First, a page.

For my 100-mile test drive, I kept the transmission in fully automatic mode around town and shifted to manual gear selection in the foothills of the Superstition Mountains. Although the extra control always makes driving more fun, I have to say that the automatic transmission is good enough that the manual shift option is almost extraneous.

    The GS suspension is super-refined: it is compliant without being floaty, even when driven in the softest setting. The stiffer settings truly make the driver feel one with the road. The Brembo brakes are firm without being grabby, stopping the sedan in a linear manner.

    Engineers did a good job of isolating passengers from road, wind and engine noise, to produce the quiet interior Buick is known for.

    Driver-focused interior

    A wrap-around instrument panel and heavily bolstered front seats make it clear that the Buick Regal GS is first and foremost a driver’s car. A tall floor tunnel essentially eliminates legroom in the second-row center position. The roof’s sharp rake somewhat limits headroom as well. I had a few inches to spare, but a taller man would feel cramped.

    In keeping with its luxury positioning, keyless entry and start are standard equipment. So is Buick’s new IntelliLink feature, which enables the driver to interface with his smart phone for apps such as Pandora and Stitcher radio. Other standard infotainment features include USB connectivity, Bluetooth interface and Sirius XM satellite radio.

    A voice recognition button on the steering wheel enables the driver to use this technology with minimal distraction. The driver and passenger can also call up functions using the touch screen center console display.

    The sport seats provide plenty of lower lumbar support. I did find them a little tough on the hamstrings after sitting for a couple of hours, since they are hard and the seat bottoms are rather long. The steering wheel is small enough in diameter for women to feel comfortable. The wheel tilts and telescopes so smaller drivers can maintain a clear view of the road ahead.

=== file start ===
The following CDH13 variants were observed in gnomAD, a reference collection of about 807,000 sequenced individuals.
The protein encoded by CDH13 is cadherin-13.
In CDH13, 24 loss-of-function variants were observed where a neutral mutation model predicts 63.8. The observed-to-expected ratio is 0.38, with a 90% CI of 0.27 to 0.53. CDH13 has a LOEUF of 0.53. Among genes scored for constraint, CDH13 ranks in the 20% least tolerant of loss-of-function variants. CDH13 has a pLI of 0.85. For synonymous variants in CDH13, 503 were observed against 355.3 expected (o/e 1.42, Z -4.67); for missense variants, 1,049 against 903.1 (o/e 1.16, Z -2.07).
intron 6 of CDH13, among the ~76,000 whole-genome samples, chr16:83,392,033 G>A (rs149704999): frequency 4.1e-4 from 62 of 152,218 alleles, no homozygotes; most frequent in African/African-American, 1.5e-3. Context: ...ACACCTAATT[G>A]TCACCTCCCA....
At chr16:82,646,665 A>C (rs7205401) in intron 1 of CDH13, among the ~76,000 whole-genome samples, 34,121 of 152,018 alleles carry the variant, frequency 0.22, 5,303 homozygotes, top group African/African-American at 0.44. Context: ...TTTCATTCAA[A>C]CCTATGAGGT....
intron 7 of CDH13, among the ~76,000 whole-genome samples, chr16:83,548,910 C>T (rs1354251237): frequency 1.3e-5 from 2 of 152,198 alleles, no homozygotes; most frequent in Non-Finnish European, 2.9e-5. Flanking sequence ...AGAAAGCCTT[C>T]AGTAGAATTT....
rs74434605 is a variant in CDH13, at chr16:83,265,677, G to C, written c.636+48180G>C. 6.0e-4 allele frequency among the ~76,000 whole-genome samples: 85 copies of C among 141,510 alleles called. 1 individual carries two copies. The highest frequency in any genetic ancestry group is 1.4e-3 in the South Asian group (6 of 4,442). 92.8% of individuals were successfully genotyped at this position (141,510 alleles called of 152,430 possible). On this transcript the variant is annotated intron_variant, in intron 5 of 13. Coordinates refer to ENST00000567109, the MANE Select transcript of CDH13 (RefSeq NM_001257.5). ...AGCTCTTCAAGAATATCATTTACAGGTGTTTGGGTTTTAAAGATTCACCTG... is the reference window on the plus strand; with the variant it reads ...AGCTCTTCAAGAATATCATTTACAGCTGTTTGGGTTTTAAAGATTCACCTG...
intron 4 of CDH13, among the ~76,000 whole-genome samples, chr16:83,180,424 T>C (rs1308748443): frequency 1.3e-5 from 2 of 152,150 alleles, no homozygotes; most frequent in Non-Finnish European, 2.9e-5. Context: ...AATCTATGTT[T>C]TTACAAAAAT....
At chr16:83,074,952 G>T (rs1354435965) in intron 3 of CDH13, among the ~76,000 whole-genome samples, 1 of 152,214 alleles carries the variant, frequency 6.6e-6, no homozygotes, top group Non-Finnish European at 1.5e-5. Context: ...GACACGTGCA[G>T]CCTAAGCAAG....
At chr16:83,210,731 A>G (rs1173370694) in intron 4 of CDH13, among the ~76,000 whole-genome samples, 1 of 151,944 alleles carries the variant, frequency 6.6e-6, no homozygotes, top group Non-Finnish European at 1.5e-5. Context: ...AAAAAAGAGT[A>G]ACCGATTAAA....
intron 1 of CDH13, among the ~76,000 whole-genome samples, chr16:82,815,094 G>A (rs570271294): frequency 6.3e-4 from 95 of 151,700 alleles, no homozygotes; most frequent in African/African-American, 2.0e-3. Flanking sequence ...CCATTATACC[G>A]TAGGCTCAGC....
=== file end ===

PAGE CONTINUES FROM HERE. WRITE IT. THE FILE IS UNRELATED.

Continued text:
Audible and visual alerts warn the driver of obstacles in blind spots. I am surprised that the Regal doesn’t have a rearview camera. With the sedan’s large rear pillars, a rearview camera would make it much easier to monitor cross traffic in a parking lot.

    Standard dual-zone climate control keeps both the driver and front passenger comfortable. A 120-volt outlet behind the center console enables kids to plug in games on long road trips.

    Designers did a good job of adding storage areas throughout the passenger compartment, including large cupholders in the center console, bottle holders in all four doors, a good-sized glovebox and center console bin. The trunk has plenty of room for groceries and luggage. Second-row seats fold flat to extend the cargo floor for longer items.

    Standard safety

    The Buick Regal GS comes with front, side and side curtain airbags, high-intensity discharge headlamps, daytime running lamps, antilock brakes, traction and stability control. Standard OnStar automatically notifies police and emergency medical personnel if the driver is involved in a serious collision. Buick builds the Regal GS at its Oshawa, Ontario Canada assembly plant.

    Likes: A luxury sport sedan with excellent power and performance, a quiet, elegant interior and appealing exterior styling.

    Dislike: A rear backup camera is not standard equipment, making it difficult to monitor cross-traffic in parking lots.

    Quick facts:

    Make: Buick
    Model: Regal GS
    Year: 2012
    Base price: $34,835
    As tested: $36,420
    Horsepower: 270 Hp @ 5300 rpm
    Torque: 295 lbs.-ft. @ 2400 rpm
    Zero-to-sixty: 6.7 seconds
    Antilock brakes: Standard
    Side curtain airbags: Standard
    First aid kit: N/A
    Bicycle friendly: No
    Towing: No
    Off-road: No
    Fuel economy: 19/27 mpg city/highway


    One response to “2012 Buick Regal GS”

    1. Would anyone be able to tell me where the photo of the line-up of Buicks was photographed, or if a bigger .jpg is available for this great picture?

      I’d appreciate it if you could help me.


      Norman Nelsen